Where to Find Ethically Made Maternity/Nursing Bras

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Nursing bras and I have a love/hate relationship.

After breastfeeding two kids for a nearly combined 4 years of my life and, of course, adding a third baby soon to my boob journey, I’ve tried just about everything. There was the phase with my first when I stubbornly refused to buy nursing bras, because ew and because I was 20 and barely had time to discover normal lingerie before being thrust into a world of ultra supportive, ultra covering, ultra “mom-ish” undergarments. There was the phase with my second where just I gave up and bought cheap nursing bras at Target that wore out from literal days and days (and nights and nights) of wear at a time.

I’m not sure what “phase” I’ll go through with baby #3 yet, but I’m hoping it’s the “finds a few really high quality, ethically made nursing bras that also work post-nursing and never looks back” phase.

If you’ve breastfed a baby before, you’ll know that breastfeeding in typical underwire bras just doesn’t work (sorry, 20-year-old me). And most bralettes and sports bras are, simply put, unprepared for the amount of leaking, spraying, spiting up, and mess making that takes place in their vicinity. So, buying at least a few nursing bras will really, really, really make your life a lot easier.

But.

Finding ethically made ones is like finding a mythical creature that most people assume doesn’t exist.

I’m hoping this post will convince you otherwise.


What to look for:

A few notes before we dive into the bras I’ve found thus far about nursing bras in general:

  • In my opinion, maternity bras that are incompatible with breastfeeding (if you plan to breastfeed, of course) are pointless. When you shop, look for ones that will fit you during pregnancy (much easier to swing) that are also breastfeeding friendly.

  • You’re going to spend A LOT of time in these bras, so don’t be afraid to shop around, spend a little more, and keep looking/exchanging till you find the perfect fit.

  • I recommend getting mostly “comfy bras” and maybe 1 or 2 “big girl bras” with underwire for when you want to feel more like a human and less like a farm animal. I love breastfeeding, but I never said it was glamorous.


The Ethics of Lingerie:

Like with all ethical shopping, there are certain things people will prioritize when shopping. Aside from fit and compatibility with breastfeeding, the qualifications I’m hoping to meet for my nursing bras are:

  • Made from a sustainable (ideally organic) material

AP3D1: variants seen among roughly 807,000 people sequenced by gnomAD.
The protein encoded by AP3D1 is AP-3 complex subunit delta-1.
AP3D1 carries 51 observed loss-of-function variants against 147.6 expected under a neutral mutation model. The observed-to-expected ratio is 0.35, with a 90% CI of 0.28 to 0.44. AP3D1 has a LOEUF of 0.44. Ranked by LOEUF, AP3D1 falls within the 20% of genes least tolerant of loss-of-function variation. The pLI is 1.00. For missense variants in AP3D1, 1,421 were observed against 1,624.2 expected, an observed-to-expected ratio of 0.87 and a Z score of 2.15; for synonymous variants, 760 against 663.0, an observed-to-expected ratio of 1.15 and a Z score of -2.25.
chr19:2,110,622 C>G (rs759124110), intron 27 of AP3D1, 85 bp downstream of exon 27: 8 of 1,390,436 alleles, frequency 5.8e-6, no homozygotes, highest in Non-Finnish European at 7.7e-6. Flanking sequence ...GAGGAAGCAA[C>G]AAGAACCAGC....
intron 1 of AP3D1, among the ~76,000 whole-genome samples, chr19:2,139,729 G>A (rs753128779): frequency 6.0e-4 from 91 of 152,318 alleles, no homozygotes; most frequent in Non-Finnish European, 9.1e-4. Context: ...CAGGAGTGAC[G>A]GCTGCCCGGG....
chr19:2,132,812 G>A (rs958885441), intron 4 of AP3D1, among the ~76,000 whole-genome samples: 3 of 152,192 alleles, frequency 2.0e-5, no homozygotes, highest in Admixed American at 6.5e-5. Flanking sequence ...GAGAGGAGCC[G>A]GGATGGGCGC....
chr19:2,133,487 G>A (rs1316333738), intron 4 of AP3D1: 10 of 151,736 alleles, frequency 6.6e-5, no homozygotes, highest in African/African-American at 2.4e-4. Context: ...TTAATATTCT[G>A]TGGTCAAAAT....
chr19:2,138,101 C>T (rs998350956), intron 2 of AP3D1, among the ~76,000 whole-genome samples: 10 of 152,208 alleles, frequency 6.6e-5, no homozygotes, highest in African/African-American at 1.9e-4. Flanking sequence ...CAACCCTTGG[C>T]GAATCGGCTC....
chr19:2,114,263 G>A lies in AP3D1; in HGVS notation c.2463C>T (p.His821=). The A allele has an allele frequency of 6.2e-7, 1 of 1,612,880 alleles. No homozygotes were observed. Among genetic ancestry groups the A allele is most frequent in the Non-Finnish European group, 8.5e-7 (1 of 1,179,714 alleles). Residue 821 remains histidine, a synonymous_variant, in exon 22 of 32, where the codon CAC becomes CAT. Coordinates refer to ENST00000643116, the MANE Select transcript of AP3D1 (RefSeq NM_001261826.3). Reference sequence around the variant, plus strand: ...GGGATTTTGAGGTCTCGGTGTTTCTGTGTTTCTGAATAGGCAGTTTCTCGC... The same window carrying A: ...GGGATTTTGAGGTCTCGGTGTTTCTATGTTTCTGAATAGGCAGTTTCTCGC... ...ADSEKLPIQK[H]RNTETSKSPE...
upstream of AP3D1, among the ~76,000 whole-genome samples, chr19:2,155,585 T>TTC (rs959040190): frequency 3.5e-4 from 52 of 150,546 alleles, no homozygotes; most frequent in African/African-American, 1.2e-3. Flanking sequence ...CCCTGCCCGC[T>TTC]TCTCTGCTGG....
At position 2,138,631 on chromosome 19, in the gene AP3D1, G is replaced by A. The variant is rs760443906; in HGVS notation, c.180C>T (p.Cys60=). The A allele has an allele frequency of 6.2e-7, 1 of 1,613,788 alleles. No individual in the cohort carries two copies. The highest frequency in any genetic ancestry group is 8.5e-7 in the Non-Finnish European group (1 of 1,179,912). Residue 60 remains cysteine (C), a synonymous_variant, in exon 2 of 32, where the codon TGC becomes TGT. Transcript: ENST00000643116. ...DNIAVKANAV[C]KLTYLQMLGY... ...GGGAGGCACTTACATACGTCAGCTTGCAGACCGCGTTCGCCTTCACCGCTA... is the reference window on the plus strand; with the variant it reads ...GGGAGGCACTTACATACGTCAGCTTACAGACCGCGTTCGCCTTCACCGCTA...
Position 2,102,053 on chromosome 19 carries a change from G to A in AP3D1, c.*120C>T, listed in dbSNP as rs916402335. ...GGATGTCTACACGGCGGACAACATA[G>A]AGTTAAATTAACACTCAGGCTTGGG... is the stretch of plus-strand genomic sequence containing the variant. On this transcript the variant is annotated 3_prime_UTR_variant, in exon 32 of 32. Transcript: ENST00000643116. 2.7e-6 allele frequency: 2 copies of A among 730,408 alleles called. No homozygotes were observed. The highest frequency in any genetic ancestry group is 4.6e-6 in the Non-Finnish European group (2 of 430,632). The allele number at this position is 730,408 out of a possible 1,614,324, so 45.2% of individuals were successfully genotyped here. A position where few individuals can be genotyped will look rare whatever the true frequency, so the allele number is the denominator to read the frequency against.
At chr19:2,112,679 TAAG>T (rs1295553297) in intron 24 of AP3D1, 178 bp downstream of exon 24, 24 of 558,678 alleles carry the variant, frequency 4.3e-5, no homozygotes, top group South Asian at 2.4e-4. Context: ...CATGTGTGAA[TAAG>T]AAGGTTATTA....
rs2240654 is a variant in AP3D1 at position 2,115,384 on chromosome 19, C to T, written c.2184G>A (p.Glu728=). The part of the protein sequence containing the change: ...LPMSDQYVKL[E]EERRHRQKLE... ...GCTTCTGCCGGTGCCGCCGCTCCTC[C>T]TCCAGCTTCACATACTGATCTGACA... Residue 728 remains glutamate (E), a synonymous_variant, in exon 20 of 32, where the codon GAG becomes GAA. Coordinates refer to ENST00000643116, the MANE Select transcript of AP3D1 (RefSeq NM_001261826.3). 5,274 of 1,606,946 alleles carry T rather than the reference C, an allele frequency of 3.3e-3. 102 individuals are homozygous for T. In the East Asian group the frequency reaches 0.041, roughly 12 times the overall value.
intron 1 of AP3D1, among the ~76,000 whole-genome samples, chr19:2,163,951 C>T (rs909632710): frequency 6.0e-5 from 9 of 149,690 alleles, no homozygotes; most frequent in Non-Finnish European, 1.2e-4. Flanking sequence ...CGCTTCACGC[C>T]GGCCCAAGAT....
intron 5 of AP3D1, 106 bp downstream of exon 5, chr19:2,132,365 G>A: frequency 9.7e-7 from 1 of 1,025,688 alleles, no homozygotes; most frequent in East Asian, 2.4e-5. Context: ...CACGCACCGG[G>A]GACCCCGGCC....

• Made in responsible, traceable, ethical conditions

  • Fits a wide ranges of body types (so I can more honestly recommend them to you all!)

  • Is a practical bra that transitions well from pregnancy to postpartum and beyond.


My picks, this time around:


First up: Aside from the obvious conclusion that it’s really hard for me to take a photo without touching my hair, my next conclusion is about this sexy (yes, take heart, 20 year old me, I finally found a sexy nursing bra) bra from Azura Bay.

Azura Bay is a Canada-based lingerie shop collecting the best of sustainable and ethically made bras and undies from around the world in one convenient place. I’m wearing their Nikki Black Lace Nursing Bralette from Mayana Geneviere. The bra is great for pregnancy (soft, elastic waistband) but is actually designed for breastfeeding with pull-away nursing access.

The shop also has another beautiful and similar nursing bra, the Alexander Black Lace Nursing Bralette, that’s essentially the same bra without the longer lace trim.

I haven’t gotten any other nursing bras yet, but the following list are a few on my radar that I’m planning to add to my repertoire in the coming months:

  • 24/7 Bra by Boob Design: ($55)

    • This bra is made to be worn all day and night and has medium support, which is ideal for comfort. Really, I can’t recommend Boob more highly - I’ll be sharing more about them in the coming months, but if you’re pregnant or nursing, it’s a great resource.

  • Padded Daily Bra by Majamas ($39)

    • I’ve worked with Majamas before and, although they don’t have many bra styles to choose from, their mission is admirable and they’re empowering moms all over the world through their products.

  • None So Pretty Lace Nursing Bra by Mothers En Vogue ($36)

    • This is a Singapore-based brand that I learned about via Eco Warrior Princess. They’re transparent about their production and strive to use natural fibers but what most excited me was that their bras look like NORMAL bras.

  • Marvella Classic Nursing Bra by Kindred Bravely ($49.99)

    • Although not marketed as an ethical brand, I did some digging and spoke to their Customer Care team who informed me that KB only works with supplier and factories who meet strict ethical requirements (they visit their factories often and even told me their largest factories comet to visit their team headquarters as well). There is obviously room for improvement, but I would prefer to shop from a brand who knows where their clothes are made instead of a bigger “box store”. They utilize organic cotton in several of their products as well.

  • Jane’s Bra Top by Blue Canoe ($49)

    • Similar to the 24/7 Bra from Boob, this bra is meant to be comfortable and is made with organic cotton.

Shopping for sustainable lingerie in general is difficult, but finding options that are nursing friendly AND ethically made is almost impossible. I've rounded up a few of the best sustainably made nursing bras on the market - save for later or buy your favorite now!

Have you found any other places selling sustainably made nursing bra? Let me know and I’ll add them to this little list!


*This post was sponsored by Azura Bay as part of a long term partnership - all opinions and photos are my own, as always. Thank you for supporting the brands that make this world a better place*